That students at Smithers Secondary ‘get’ Shakespeare is no accident. Several field trips over the past several years to Bard on the Beach, an annual summer Festival in Vancouver, and the Good Will Shakespeare Festival in Summerland have had a profound influence on students’ appreciation of the Bard. During the festivals, students receive intensive professional instruction in acting, vocals, costume and set design. These opportunities to attend live performances have introduced students to the power apparent in Shakespeare’s words when his works are performed rather than read.

“Seeing live Shakespeare has made a huge difference,” says Heather. “There’s an ‘Aha!’ moment when students suddenly understand the language. Then they start speaking like that.”

Once students understand the latent emotions on the page, the plays and their characters become compelling. According to Hans, it’s natural for young people to become fascinated with Shakespearean characters.

“When I was a kid, you got to the Shakespeare section of English class and it was the most boring part,” he says, adding that it doesn’t make sense that impassioned plays by the world’s pre-eminent dramatist should be viewed as dry and obscure.

“If anyone is as passionate as Shakespearean characters, it’s teenagers. They totally understand the emotions. Yet for so many years we’ve made these characters inaccessible to them.”

All the world’s mine oyster
“Boring” and “Shakespeare” are two words that don’t often occur in the same sentence at Smithers Secondary these days. With opening night fast approaching, students, instructors and parents are hard at work polishing costumes, sets and performances. During the three months leading up to the performance, students can expect daily rehearsals—many of which stretch into the night or require students to come to the school on weekends.

Heather and Hans guide this rigorous rehearsal schedule, but don’t impose it. Instead, they say, it’s not uncommon to walk into the theatre at lunch or after school only to interrupt an impromptu rehearsal that students have organized themselves. “The program has a life of its own,” says Heather. “The kids are really invested in it.”

“All of us in the play are really dedicated to the theatre program,” says Kristan. “It’s a great group of people, and the cohesion in the group is really strong. You need that for a good play.”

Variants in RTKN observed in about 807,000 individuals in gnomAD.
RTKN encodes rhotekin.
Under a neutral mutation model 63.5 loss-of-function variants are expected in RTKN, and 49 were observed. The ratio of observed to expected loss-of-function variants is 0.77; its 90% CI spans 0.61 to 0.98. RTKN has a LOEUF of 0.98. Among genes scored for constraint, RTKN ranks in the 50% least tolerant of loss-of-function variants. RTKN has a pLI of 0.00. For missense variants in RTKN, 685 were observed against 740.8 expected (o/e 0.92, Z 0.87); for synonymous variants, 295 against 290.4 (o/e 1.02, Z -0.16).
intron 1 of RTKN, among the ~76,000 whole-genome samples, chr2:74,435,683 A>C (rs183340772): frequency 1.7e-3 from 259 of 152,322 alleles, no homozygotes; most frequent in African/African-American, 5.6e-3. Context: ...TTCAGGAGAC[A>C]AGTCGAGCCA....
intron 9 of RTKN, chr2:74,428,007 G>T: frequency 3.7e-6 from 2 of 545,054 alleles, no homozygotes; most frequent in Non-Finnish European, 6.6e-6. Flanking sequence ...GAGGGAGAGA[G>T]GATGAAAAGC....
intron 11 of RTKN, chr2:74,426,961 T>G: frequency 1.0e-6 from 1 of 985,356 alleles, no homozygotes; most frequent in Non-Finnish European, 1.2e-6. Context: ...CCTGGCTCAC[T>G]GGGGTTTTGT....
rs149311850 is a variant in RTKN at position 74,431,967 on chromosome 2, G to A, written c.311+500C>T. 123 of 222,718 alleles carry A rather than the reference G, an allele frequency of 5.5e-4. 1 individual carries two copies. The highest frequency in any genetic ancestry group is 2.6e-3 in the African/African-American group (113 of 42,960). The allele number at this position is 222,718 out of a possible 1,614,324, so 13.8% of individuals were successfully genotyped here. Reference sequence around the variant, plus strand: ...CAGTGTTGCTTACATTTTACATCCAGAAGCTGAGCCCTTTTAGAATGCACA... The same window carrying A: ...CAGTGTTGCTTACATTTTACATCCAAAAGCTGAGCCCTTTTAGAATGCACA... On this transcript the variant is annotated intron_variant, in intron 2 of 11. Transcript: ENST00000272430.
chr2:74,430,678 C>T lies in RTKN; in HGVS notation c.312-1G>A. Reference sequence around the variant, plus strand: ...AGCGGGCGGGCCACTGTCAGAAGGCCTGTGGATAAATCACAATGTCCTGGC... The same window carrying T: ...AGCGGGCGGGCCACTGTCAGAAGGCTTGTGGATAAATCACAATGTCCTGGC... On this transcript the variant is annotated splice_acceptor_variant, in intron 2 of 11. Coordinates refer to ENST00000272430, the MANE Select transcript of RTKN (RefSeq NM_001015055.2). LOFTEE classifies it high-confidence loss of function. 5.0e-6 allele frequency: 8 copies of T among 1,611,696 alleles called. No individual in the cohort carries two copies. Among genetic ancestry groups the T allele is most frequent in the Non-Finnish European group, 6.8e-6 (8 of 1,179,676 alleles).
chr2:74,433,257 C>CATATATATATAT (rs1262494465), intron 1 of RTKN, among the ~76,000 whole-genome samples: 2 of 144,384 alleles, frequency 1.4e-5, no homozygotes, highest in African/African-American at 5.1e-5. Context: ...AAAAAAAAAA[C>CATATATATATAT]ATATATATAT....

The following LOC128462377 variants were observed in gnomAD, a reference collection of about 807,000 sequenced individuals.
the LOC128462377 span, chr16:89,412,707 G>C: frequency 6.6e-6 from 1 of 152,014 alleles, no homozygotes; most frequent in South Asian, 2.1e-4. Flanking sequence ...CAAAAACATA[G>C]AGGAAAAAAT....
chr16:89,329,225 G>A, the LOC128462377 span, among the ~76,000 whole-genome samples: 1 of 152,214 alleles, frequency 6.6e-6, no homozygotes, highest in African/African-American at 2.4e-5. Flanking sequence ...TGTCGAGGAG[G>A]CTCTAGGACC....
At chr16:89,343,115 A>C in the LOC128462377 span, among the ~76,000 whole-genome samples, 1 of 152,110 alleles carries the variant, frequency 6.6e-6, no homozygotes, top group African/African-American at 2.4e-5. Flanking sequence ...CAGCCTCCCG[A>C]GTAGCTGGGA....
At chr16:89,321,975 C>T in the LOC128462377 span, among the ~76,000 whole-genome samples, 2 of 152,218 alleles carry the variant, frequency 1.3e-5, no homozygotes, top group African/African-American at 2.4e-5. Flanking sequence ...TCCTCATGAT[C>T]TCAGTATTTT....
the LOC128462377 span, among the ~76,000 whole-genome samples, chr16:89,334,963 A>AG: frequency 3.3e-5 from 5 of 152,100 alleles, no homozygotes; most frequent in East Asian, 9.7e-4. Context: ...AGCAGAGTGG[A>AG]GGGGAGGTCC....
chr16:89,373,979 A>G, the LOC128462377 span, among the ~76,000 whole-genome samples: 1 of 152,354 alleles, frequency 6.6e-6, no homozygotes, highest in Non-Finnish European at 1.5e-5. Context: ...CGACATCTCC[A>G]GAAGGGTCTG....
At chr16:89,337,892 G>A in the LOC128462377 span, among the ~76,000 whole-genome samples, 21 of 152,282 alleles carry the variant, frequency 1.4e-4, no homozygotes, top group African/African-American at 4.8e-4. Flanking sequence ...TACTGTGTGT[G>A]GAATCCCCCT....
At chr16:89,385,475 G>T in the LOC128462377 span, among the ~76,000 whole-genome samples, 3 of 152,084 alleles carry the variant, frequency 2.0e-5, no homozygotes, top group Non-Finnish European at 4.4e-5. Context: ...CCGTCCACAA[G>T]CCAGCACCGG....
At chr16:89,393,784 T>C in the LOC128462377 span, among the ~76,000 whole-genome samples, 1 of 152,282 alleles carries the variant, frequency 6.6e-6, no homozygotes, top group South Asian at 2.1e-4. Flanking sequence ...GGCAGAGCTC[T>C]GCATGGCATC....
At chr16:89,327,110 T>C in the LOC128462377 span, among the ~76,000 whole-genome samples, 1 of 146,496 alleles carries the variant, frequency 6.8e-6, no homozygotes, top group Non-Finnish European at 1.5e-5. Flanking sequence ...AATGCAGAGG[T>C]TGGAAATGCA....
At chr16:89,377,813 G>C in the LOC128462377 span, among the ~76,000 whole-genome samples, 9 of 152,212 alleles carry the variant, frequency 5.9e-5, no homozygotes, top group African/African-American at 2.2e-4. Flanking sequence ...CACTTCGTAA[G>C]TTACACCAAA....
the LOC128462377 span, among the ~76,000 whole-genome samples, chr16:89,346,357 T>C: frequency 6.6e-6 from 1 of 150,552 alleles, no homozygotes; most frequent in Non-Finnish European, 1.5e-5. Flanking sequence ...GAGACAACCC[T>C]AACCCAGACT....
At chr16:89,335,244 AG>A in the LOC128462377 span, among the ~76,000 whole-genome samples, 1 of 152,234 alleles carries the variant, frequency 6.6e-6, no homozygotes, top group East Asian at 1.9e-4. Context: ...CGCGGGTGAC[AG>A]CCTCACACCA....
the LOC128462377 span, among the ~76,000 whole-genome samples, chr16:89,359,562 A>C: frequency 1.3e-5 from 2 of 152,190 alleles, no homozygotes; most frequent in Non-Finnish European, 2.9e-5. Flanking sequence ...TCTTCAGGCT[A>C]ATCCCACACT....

Long hours of rehearsals are only part of the students’ time commitment that begins with researching the play, its historical and cultural context and their characters. With so much information on Shakespeare available on the Internet, Heather explains, students often spend hours delving into the finer details of plays and characters.

“It’s so much easier to find information these days,” she explains. “the resources are almost limitless. It’s much more alive and accessible than it used to be, and the kids do their own research.”

The research also involves exploring human psychology, emotions and behaviour, since the very passion and complexity that make Shakespearean characters so compelling also make them tough roles to interpret. Key roles demand a high level of emotional maturity and a willingness to plumb the depths of intense joy, heartbreak, anguish and camaraderie that characterize the human condition.

“It’s an emotional and psychological investment, not just a pastime,” says Heather. “It’s a huge journey for these kids, but their commitment is certainly there.”

Hans agrees, and explains how the power of theatre lies in its ability to bring people into the same room with challenging and stimulating situations and emotions.

“Live theatre has a profound effect on people,” he says, “when you take universal themes—love, jealousy, anger—and present them in a live context, people are blown away. That’s why theatre exists.”

The Merry Wives of Windsor opens at the Della Herman Theatre in Smithers on Thursday, March 31 and runs until Saturday, April 2. Tickets are $10 and can be purchased at Mountain Eagle Books and Interior Stationery in Smithers.